Arts of the Pacific Islands
Cane, bark cloth, wood, leaves, cordage, feathers, pigment
late 19th or early 20th century
17 1/2 x 18 3/4 x 4 1/2 in. (44.5 x 47.6 x 11.4 cm)
Other: 16 1/2 x 19 in. (41.9 x 48.3 cm) (show scale)
This item is not on view
You may download and use Brooklyn Museum images of this three-dimensional work in accordance with a Creative Commons license
. Fair use, as understood under the United States Copyright Act, may also apply.
Please include caption information from this page and credit the Brooklyn Museum. If you need a high resolution file, please fill out our online application form
For further information about copyright, we recommend resources at the United States Library of Congress
, Cornell University
, Copyright and Cultural Institutions: Guidelines for U.S. Libraries, Archives, and Museums
, and Copyright Watch
For more information about the Museum's rights project, including how rights types are assigned, please see our blog posts on copyright
If you have any information regarding this work and rights to it, please contact email@example.com
Namau. Mask (Kanipu), late 19th or early 20th century. Cane, bark cloth, wood, leaves, cordage, feathers, pigment, 17 1/2 x 18 3/4 x 4 1/2 in. (44.5 x 47.6 x 11.4 cm). Brooklyn Museum, By exchange, 42.114.16. Creative Commons-BY (Photo: Brooklyn Museum, 42.114.16.jpg)
overall, 42.114.16.jpg. Brooklyn Museum photograph
"CUR" at the beginning of an image file name means that the image was created by a curatorial staff member. These study images may be digital point-and-shoot photographs, when we don\'t yet have high-quality studio photography, or they may be scans of older negatives, slides, or photographic prints, providing historical documentation of the object.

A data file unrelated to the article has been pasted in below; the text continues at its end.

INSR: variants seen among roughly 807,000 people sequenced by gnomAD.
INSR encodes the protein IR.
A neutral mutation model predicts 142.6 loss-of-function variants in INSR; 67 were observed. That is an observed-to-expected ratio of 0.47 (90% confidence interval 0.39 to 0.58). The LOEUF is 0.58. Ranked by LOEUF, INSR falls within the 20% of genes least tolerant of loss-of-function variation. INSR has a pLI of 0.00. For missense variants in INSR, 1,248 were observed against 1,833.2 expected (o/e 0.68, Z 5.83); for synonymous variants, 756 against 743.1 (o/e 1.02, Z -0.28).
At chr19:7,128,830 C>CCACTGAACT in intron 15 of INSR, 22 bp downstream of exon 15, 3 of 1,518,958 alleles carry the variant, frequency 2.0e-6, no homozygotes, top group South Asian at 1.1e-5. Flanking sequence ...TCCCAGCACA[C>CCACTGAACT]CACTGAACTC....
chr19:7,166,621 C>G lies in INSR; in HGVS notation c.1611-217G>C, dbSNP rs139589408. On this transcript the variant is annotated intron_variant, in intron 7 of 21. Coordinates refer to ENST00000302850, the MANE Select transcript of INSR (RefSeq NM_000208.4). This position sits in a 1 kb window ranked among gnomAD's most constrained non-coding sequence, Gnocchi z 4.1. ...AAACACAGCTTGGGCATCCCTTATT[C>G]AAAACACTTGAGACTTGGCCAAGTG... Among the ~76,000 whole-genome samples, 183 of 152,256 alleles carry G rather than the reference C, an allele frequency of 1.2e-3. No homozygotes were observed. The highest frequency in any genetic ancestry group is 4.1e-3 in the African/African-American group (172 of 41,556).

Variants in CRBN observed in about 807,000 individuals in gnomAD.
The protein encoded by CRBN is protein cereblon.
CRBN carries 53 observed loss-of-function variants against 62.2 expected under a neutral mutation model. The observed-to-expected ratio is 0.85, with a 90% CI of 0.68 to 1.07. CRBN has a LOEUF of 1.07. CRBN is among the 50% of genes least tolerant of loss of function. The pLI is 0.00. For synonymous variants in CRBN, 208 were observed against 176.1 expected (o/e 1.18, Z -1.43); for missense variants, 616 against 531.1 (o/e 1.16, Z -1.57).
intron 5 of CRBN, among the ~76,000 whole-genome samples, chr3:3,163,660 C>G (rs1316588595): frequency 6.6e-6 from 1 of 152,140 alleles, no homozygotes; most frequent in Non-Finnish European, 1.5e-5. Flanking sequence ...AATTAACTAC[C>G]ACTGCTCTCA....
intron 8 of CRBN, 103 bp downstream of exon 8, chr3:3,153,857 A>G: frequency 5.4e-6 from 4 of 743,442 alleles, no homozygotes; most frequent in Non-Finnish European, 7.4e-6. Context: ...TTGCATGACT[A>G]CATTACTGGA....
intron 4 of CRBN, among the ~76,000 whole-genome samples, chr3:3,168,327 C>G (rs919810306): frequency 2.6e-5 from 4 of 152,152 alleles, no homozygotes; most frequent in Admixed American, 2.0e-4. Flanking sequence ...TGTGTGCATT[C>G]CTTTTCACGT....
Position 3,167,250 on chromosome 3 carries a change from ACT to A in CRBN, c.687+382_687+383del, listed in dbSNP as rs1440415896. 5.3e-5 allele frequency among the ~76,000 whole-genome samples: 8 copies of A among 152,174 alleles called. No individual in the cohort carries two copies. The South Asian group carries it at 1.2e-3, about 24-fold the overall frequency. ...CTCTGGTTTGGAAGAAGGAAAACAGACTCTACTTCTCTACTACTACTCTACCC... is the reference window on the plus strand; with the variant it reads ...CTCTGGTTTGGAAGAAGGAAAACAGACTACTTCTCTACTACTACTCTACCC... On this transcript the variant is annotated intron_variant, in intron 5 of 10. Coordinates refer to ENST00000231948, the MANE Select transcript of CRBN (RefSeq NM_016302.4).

The object is a mask constructed of decorated bark cloth stretched over and wrapped around the side of a wooden stick and rattan armature, which is lashed together with cord and split cane. The shape of the mask is essentially flat and oval; however, below the eyes, protruding out from the center, is a particularly large nose. A further stylized face has been created with the application of bold graphic forms in black paint against a white (now gray) background. On the reverse of the armature, the construction process is clearly visible; namely, cane bent into an oval lashed with thin strips of reed or split caning and cording to anchor the underpinnings of bracing wooden sticks. The general condition of the mask is fair but stable; overall structure and painted elements show wear, discoloration, cracking, and flaking.
From original catalogue card:
Flat mask of painted bark on cane framework. Painted black and white with openings for the eyes; a long projecting nose. Scroll and geometric patterns decorate the face. Condition: nose worn.
Not every record you will find here is complete. More information is available for some works than for others, and some entries have been updated more recently. Records are frequently reviewed and revised, and we welcome
any additional information you might have.